Marx's and Darwin's accomplishments: Finding the mechanism of evolution and social change?

Here's definitely a podcast worth listening to! Niles Eldredge and Edward J. Larson discuss the upcoming Darwin exhibit and Darwin's legacy. Particularly their discussion of Darwin's contribution of the mechanism of 'natural selection' to an existing idea of 'evolution' is illuminating.

As an essentially social scientist, it reminded me (again) of Engels' words at Marx's grave when he compared his contribution to the study of society to that of Darwin in biology. And truly, both thinkers continue to exercise us greatly to-date.

Here's the quote (which I think bears repeating) in full:

Just as Darwin discovered the law of development or organic nature, so Marx discovered the law of development of human history: the simple fact, hitherto concealed by an overgrowth of ideology, that mankind must first of all eat, drink, have shelter and clothing, before it can pursue politics, science, art, religion, etc.; that therefore the production of the immediate material means, and consequently the degree of economic development attained by a given people or during a given epoch, form the foundation upon which the state institutions, the legal conceptions, art, and even the ideas on religion, of the people concerned have been evolved, and in the light of which they must, therefore, be explained, instead of vice versa, as had hitherto been the case.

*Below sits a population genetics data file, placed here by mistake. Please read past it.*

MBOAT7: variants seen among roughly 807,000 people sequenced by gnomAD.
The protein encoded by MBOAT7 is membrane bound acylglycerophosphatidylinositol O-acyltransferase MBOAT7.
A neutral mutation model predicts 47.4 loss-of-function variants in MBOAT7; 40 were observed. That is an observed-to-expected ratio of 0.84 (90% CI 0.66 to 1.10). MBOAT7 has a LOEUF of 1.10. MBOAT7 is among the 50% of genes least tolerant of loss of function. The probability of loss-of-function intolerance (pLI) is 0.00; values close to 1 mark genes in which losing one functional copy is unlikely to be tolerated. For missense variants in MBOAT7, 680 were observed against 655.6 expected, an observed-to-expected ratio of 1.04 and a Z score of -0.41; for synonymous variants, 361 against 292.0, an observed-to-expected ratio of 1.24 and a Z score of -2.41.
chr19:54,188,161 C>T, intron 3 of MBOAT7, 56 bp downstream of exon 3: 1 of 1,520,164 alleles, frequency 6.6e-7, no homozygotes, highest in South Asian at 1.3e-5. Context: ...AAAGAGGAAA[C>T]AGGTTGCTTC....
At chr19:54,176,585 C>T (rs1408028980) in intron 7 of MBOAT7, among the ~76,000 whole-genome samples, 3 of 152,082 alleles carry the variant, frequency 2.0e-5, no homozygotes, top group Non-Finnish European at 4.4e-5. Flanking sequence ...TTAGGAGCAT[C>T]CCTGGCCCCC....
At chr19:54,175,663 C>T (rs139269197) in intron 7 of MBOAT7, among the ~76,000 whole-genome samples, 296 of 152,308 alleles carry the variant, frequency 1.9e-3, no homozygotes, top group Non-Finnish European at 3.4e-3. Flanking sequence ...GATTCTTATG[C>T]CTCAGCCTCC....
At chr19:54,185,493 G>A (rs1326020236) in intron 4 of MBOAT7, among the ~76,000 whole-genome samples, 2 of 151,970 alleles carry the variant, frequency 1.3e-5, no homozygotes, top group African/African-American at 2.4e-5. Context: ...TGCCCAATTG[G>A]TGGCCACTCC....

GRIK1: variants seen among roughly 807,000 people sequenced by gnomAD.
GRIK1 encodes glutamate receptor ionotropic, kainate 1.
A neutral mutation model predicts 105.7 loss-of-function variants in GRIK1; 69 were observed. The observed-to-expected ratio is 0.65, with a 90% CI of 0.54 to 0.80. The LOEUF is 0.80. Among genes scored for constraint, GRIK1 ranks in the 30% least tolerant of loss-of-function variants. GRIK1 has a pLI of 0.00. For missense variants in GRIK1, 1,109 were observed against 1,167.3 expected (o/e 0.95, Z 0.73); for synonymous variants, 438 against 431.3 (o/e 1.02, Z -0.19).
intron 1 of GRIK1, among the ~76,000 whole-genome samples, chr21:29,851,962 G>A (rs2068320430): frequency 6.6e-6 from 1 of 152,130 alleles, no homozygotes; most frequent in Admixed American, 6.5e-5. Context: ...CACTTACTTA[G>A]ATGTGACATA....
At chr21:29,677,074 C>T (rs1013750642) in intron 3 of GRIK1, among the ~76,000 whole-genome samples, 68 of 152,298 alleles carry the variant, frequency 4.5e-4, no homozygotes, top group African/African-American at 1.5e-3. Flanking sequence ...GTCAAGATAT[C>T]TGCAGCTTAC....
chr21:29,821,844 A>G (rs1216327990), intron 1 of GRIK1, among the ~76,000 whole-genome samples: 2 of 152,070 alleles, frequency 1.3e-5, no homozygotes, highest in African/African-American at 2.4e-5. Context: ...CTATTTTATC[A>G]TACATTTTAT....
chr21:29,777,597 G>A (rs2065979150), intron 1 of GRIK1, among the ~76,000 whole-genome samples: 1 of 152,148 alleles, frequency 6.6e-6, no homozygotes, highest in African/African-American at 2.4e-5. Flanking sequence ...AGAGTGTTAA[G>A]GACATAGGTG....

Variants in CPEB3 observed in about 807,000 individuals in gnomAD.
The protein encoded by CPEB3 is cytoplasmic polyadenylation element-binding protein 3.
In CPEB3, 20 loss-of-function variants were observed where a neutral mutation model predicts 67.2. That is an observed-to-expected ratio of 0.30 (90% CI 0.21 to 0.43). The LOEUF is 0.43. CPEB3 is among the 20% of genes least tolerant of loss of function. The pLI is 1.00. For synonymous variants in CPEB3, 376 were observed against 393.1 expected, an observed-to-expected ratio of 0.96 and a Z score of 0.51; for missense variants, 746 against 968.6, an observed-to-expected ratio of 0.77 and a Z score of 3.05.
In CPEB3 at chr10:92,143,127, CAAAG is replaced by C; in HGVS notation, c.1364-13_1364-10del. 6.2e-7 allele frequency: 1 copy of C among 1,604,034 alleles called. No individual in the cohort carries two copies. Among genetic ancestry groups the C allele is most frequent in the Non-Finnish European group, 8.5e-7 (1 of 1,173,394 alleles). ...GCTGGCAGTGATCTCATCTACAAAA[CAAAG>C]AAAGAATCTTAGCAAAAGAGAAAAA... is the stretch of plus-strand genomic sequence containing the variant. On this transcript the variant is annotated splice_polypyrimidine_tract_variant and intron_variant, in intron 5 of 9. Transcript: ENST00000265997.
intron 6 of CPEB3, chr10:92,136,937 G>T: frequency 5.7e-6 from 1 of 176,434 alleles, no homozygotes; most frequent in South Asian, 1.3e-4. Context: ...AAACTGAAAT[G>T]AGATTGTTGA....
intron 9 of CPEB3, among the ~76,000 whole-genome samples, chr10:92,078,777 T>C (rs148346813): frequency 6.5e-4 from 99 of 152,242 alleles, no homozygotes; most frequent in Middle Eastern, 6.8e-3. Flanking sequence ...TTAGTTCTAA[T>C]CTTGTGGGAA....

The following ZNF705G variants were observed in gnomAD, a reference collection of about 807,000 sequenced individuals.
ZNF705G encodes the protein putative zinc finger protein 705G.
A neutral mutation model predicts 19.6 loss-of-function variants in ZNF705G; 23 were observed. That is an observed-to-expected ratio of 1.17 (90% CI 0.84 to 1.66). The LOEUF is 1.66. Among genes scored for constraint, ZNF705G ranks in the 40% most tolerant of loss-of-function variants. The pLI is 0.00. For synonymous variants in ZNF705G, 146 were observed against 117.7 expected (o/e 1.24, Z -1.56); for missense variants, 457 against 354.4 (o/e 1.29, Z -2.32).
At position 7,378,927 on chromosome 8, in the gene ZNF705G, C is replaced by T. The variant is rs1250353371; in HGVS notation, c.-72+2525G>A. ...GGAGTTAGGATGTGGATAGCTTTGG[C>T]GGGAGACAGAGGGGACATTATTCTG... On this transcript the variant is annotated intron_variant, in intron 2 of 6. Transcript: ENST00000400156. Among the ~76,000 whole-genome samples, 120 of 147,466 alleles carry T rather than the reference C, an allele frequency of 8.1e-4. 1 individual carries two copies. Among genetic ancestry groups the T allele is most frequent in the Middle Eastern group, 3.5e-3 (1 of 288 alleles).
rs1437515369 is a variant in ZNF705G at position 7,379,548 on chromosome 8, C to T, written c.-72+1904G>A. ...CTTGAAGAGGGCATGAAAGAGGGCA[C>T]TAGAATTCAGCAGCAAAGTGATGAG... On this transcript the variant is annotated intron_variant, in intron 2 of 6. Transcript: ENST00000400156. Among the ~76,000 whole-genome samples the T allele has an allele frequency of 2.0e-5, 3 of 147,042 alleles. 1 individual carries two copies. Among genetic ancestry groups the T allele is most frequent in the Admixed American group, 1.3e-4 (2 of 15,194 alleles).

In fact, this is an interesting parallel to work out more fully (although with extreme caution). How would be Marx's Huxley? Probably Engels but how about a Wallace or a Mendel? What are the genes that make it possible? Who would be the creations and who the Lamarckians? It would be too easy to get lost in these analogies but a careful investigation might elucidate the workings of social sciences about which so much less is known and so much more is assumed than the natural sciences.